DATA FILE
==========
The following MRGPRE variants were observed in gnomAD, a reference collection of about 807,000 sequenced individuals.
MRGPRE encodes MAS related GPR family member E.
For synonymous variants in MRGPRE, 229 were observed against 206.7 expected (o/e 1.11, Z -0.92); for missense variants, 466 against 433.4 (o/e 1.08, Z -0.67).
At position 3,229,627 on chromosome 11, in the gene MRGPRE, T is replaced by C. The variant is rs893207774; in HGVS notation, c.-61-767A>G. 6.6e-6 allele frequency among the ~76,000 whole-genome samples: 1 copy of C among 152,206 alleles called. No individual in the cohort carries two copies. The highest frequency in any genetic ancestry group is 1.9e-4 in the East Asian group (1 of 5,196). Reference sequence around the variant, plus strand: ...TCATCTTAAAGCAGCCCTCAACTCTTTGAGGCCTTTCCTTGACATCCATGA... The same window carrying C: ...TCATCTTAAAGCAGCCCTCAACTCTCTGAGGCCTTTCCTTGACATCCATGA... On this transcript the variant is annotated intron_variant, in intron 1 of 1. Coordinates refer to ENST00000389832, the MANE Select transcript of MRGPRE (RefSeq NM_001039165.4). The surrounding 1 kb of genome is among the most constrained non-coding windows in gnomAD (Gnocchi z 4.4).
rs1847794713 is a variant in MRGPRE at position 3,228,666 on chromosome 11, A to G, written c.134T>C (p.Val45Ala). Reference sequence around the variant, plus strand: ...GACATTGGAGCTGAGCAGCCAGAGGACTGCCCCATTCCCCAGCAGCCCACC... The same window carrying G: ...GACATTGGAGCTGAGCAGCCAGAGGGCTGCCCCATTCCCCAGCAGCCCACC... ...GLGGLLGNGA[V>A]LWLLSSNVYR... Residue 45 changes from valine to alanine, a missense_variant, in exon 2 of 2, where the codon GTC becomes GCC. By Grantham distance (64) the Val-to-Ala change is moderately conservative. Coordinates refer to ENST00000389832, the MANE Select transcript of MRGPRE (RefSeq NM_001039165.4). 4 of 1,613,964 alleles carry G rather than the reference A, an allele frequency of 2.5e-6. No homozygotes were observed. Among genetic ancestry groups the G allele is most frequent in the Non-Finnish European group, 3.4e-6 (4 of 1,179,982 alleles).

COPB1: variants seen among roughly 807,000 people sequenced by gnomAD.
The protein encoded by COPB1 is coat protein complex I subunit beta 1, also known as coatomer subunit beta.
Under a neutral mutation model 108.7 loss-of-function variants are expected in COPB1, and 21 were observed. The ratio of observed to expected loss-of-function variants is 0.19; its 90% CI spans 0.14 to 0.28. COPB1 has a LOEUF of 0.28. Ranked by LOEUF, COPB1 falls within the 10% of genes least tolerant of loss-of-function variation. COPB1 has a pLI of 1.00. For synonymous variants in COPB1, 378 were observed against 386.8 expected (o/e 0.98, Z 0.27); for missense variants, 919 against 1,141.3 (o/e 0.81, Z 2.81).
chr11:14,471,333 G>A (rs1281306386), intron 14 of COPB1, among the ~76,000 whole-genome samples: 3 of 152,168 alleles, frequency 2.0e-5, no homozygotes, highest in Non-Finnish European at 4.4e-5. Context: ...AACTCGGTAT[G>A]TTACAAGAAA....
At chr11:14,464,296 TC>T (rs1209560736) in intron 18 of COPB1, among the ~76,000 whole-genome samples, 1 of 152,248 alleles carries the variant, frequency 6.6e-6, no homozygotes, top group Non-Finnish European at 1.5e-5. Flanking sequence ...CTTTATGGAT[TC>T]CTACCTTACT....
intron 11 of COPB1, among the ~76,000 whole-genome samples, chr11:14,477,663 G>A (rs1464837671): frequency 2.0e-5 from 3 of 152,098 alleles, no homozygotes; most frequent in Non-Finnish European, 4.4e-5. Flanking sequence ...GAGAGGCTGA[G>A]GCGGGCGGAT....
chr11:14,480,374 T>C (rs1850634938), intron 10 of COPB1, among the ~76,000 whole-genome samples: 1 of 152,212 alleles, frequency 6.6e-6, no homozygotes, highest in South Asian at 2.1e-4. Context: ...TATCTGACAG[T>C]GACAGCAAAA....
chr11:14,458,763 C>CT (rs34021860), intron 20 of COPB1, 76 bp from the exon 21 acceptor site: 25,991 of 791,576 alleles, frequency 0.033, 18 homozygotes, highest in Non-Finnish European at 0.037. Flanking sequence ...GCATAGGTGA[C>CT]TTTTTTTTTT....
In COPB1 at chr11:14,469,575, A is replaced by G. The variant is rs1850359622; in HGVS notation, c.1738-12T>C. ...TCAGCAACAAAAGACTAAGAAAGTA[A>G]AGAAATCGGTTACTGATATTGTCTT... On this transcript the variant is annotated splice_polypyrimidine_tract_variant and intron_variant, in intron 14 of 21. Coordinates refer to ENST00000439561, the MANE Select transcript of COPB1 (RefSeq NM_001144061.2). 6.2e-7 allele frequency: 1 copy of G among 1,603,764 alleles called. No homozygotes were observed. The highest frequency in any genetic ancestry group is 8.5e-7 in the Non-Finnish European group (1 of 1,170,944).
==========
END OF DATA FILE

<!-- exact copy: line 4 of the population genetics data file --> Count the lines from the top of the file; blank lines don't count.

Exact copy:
At position 3,229,627 on chromosome 11, in the gene MRGPRE, T is replaced by C. The variant is rs893207774; in HGVS notation, c.-61-767A>G. 6.6e-6 allele frequency among the ~76,000 whole-genome samples: 1 copy of C among 152,206 alleles called. No individual in the cohort carries two copies. The highest frequency in any genetic ancestry group is 1.9e-4 in the East Asian group (1 of 5,196). Reference sequence around the variant, plus strand: ...TCATCTTAAAGCAGCCCTCAACTCTTTGAGGCCTTTCCTTGACATCCATGA... The same window carrying C: ...TCATCTTAAAGCAGCCCTCAACTCTCTGAGGCCTTTCCTTGACATCCATGA... On this transcript the variant is annotated intron_variant, in intron 1 of 1. Coordinates refer to ENST00000389832, the MANE Select transcript of MRGPRE (RefSeq NM_001039165.4). The surrounding 1 kb of genome is among the most constrained non-coding windows in gnomAD (Gnocchi z 4.4).